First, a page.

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Randall Butler


The Ludmila S. and Carl B. Hess Chair


Bassist Randall Butler joined the New York Philharmonic in 1976. Throughout his musical career, Butler has also pursued the study of aesthetics and other philosophical disciplines. Currently he is a Ph.D. candidate in Philosophy at Columbia University working on a dissertation dealing with the Theory of Human Action. Butler had previously been accepted by Columbia University’s Department of Philosophy as an M.A. candidate — one of only four people in the department’s history to enter without an undergraduate degree of any kind. He has also studied Buddhist meditation at the Insight Meditation Society, and in addition to membership in that organization, he is active in the American Society for Aesthetics and the American Philosophical Association.

In addition to his studies, Butler spends his free time reading poetry, writing, and listening to music, especially opera. His wife, Deborah Martinsen, recently finished a book on Dostoevsky’s liars and is currently assistant to the director of the core cirriculum at Columbia College. They have a son, Rory.

My most important musical influences have been my Philharmonic colleagues. Their knowledge continually informs me; their devotion inspires me.

Interview with Randall Butler

THE FACTS: Born in Mansfield, Ohio. Studied bass privately with David Perlman, principal bass of The Cleveland Orchestra. Attended the Tanglewood Music Festival; M.A., M.Phil., and Ph.D. in Philosophy, Columbia University. At the Philharmonic: Hired by Pierre Boulez in 1976.

WHEN DID YOU BEGIN STUDYING AN INSTRUMENT? I began the violin at 9 and the bass at 12. By age 14, I was spending most of my time practicing the bass or studying mathematics. At 18, I chose music.

WHO HAVE BEEN YOUR MOST IMPORTANT MUSICAL INFLUENCES? My Philharmonic colleagues. Their knowledge continually informs me; their devotion inspires me. Likewise, our various Music Directors, particularly Lorin Maazel.

MOST MEMORABLE MOMENTS WITH THE ORCHESTRA: Maazel’s first appearance with us in 23 years, in November 2000. In both his Ring Without Words and Bruckner’s Eighth Symphony, he conveyed an effortless and flawless grasp of the music’s internal logic, its drama, its passion.

WHY DID YOU DECIDE TO GET ADVANCED DEGREES IN PHILOSOPHY? I’ve always loved philosophy — its methods as well as its materials. At 14, I read Spinoza’s Ethics; at 16, Kant’s Critique of Pure Reason. I got the degrees because it was fun. I’m thrilled to participate in and contribute to philosophy’s centuries-long dialogues.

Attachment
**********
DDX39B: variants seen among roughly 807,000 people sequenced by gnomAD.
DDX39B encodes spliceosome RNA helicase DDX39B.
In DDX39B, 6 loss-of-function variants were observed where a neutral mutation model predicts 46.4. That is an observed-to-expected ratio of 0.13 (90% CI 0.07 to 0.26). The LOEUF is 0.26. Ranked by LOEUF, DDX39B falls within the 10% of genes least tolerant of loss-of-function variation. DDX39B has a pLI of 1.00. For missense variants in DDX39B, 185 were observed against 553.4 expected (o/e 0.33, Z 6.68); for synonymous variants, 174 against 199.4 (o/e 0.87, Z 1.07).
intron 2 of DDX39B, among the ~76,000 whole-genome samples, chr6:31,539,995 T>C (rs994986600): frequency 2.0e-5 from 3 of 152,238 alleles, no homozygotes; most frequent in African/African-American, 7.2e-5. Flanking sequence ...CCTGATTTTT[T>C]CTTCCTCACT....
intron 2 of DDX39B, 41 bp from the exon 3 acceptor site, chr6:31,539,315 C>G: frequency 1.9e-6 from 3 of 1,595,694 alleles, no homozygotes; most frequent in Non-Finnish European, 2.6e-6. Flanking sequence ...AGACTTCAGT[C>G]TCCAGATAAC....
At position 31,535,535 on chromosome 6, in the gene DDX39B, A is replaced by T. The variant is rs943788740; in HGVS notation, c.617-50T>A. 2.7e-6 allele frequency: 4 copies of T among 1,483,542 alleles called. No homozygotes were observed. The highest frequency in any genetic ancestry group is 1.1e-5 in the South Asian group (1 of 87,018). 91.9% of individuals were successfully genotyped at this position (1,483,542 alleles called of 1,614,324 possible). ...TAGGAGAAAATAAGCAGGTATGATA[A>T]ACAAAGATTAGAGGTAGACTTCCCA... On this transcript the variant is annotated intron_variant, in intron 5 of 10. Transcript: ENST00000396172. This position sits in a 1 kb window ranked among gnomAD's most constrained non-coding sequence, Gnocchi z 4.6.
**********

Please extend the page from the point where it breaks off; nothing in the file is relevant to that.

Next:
WHAT WOULD YOU BE IF NOT A MUSICIAN? A writer. Though not a professional, I write philosophical essays, poetry, and fiction. I plan, however, to publish in philosophy.

HOW DO YOU PREPARE FOR A CONCERT? Usually, I practice with my bass. But for especially difficult concerts, I often practice mentally, without my bass — something I learned in studying meditation with Thai, Burmese, and American masters.

HOW DOES YOUR PHILOSOPHICAL EDUCATION INFLUENCE YOUR MUSIC-MAKING? I see music in its philosophical context. Take Robert Schumann, for instance; philosophers of his time thought people were alienated from nature, society, and themselves. They thought art could remedy this. Schumann’s music, surely, offers unity with nature, society, and one’s inmost self.

WHAT ARE YOU LISTENING TO NOW? John Taverner’s Missa Gloria Tibi Trinitas performed by The Tallis Scholars.

ARE THERE MUSICIANS IN YOUR FAMILY? Only my mother, who played some piano and trumpet in high school, and sang for years in a church choir. My wife, Deborah Martinsen, is an associate dean at Columbia University. My son, Rory, 22, attends Columbia College and is studying math and physics. His hobby is writing and recording hip-hop tracks.

WHAT DO YOU LIKE TO DO OUTSIDE OF WORK? Reading, particularly the latest Anglo-American philosophy, contemporary poetry, and American fiction. I also enjoy museums, films, playing chess with my son, physical exercise, and practicing Buddhist meditation.

As of January 2013

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